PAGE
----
The GAA are to put score-detection technology on trial at one of the forthcoming Dublin Spring Series games at Croke Park.
GAA president Christy Cooney confirmed yesterday that, as part of a feasibility study under the direction of English-based company Hawk-Eye, the technology would be tested at one of the games over the next few weeks, most likely the Dublin/Mayo league match on March 20.
Hawk-Eye representatives have already been to Croke Park to test their technology and will deploy the cameras on a trial basis at one of the Dublin games.
The game with Kerry on Saturday night has come too soon for the trial, but the match against Mayo, or alternatively the final Croke Park game against Down, will see a trio of Hawk-Eye cameras behind one of the goals to establish that it can work.
"We will use this game for a proper trial and the referee will be linked up as well," said Cooney. "We want it with a crowd in Croke Park, so we can judge it better. We will give it a proper evaluation and then make a proper decision. Score-detection is the only thing we are talking about," said Cooney.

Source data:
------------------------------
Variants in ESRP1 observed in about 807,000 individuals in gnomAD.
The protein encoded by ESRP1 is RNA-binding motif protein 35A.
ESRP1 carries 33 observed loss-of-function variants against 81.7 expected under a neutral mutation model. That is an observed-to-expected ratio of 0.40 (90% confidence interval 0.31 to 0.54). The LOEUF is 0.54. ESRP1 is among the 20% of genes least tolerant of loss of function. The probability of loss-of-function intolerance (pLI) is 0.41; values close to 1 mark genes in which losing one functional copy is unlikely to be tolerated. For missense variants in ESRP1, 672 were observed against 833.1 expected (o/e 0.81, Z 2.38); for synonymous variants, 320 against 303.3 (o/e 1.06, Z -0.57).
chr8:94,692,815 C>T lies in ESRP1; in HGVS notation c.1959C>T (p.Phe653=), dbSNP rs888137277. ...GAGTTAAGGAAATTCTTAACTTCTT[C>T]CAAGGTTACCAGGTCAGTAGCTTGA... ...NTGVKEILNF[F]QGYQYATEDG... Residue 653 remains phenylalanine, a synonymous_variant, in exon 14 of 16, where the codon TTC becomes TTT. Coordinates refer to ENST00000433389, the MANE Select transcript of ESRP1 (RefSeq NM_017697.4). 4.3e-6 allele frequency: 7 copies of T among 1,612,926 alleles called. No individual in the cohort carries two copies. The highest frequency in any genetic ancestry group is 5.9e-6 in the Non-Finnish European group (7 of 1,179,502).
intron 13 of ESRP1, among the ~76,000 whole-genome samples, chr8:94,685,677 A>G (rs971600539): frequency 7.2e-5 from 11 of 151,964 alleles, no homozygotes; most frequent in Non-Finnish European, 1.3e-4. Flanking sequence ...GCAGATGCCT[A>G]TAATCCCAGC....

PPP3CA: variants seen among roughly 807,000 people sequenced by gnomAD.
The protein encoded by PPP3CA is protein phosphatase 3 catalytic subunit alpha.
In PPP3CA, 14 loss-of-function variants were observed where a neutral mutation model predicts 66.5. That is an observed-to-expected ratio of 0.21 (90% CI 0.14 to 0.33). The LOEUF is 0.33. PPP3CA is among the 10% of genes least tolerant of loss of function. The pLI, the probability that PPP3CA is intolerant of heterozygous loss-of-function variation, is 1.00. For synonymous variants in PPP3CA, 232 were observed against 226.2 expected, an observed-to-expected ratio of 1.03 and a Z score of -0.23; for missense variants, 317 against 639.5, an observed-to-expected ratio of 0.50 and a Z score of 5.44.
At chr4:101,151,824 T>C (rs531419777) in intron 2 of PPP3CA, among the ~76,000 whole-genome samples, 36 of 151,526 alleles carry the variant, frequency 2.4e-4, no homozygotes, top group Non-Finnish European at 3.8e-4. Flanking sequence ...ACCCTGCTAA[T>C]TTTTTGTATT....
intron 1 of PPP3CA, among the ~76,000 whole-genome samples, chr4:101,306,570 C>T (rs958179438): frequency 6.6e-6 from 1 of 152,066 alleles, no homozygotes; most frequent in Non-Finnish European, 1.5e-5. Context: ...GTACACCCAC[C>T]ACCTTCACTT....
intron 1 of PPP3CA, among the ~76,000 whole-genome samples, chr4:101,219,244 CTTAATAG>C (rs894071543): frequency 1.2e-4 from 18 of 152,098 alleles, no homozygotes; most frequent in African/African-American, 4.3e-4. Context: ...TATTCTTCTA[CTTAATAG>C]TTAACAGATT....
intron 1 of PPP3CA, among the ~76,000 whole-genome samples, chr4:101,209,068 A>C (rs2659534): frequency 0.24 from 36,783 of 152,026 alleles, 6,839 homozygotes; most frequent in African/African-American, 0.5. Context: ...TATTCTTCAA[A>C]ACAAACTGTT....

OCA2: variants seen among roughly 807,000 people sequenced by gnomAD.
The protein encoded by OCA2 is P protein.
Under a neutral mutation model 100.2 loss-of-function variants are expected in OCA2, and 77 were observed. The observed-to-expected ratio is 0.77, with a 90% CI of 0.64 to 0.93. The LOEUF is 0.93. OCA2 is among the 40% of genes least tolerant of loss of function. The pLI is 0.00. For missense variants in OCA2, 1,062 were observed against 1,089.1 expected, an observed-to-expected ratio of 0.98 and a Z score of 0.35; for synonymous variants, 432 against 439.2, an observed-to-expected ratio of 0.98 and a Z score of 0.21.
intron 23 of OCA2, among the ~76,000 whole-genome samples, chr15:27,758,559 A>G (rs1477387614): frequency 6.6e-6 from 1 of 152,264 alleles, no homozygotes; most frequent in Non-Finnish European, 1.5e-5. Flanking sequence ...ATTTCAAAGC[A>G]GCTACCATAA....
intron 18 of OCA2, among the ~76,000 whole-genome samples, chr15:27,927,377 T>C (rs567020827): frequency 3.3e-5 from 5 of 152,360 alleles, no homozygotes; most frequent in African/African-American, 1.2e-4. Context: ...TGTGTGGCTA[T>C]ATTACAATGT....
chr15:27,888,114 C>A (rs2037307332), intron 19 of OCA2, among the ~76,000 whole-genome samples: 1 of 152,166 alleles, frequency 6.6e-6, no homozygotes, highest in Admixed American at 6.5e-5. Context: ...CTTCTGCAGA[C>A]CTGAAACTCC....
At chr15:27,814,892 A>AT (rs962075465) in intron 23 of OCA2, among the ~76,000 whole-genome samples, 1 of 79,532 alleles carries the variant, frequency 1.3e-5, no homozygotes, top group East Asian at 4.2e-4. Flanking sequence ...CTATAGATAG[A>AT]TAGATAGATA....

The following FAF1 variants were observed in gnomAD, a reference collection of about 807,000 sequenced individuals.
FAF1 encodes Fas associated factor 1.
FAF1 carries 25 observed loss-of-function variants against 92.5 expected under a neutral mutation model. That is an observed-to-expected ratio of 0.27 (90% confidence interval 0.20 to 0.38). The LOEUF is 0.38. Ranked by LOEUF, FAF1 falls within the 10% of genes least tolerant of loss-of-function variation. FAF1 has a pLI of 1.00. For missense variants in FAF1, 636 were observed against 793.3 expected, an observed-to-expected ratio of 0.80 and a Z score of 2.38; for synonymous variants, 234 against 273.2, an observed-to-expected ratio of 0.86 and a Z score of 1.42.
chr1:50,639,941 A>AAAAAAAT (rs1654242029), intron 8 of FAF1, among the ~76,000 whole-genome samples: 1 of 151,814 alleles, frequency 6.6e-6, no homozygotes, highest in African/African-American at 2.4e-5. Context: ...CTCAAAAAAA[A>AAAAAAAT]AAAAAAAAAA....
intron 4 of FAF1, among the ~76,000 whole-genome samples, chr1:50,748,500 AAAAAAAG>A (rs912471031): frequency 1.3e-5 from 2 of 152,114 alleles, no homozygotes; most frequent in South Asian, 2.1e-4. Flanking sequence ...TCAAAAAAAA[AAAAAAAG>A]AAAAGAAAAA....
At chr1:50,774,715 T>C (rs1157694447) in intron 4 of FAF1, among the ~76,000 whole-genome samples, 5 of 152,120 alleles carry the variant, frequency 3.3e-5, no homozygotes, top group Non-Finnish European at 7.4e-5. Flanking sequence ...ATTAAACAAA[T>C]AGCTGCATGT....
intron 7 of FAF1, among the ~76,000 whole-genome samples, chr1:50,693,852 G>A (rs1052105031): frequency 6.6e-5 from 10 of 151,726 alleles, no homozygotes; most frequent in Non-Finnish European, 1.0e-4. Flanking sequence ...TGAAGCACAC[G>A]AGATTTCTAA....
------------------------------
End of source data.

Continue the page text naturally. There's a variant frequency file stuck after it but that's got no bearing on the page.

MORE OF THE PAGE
Earlier this year the GAA released a statement outlining that Hawk-Eye technology would not be deployed at any game in 2011.
If score-detection technology is to be introduced it will require significant rule changes, but referees, according to Cooney, will still have the right to make their own decision on scores.
It is understood that the service to officials may not involve a human interface, so it will not operate along the lines of the rugby's television match official. Judgment will be delivered to the officials automatically.
"At the end of the day the referee's decision won't change, because it will still be the decision of the referee," stressed Cooney. "This is an aid and an assist for refs."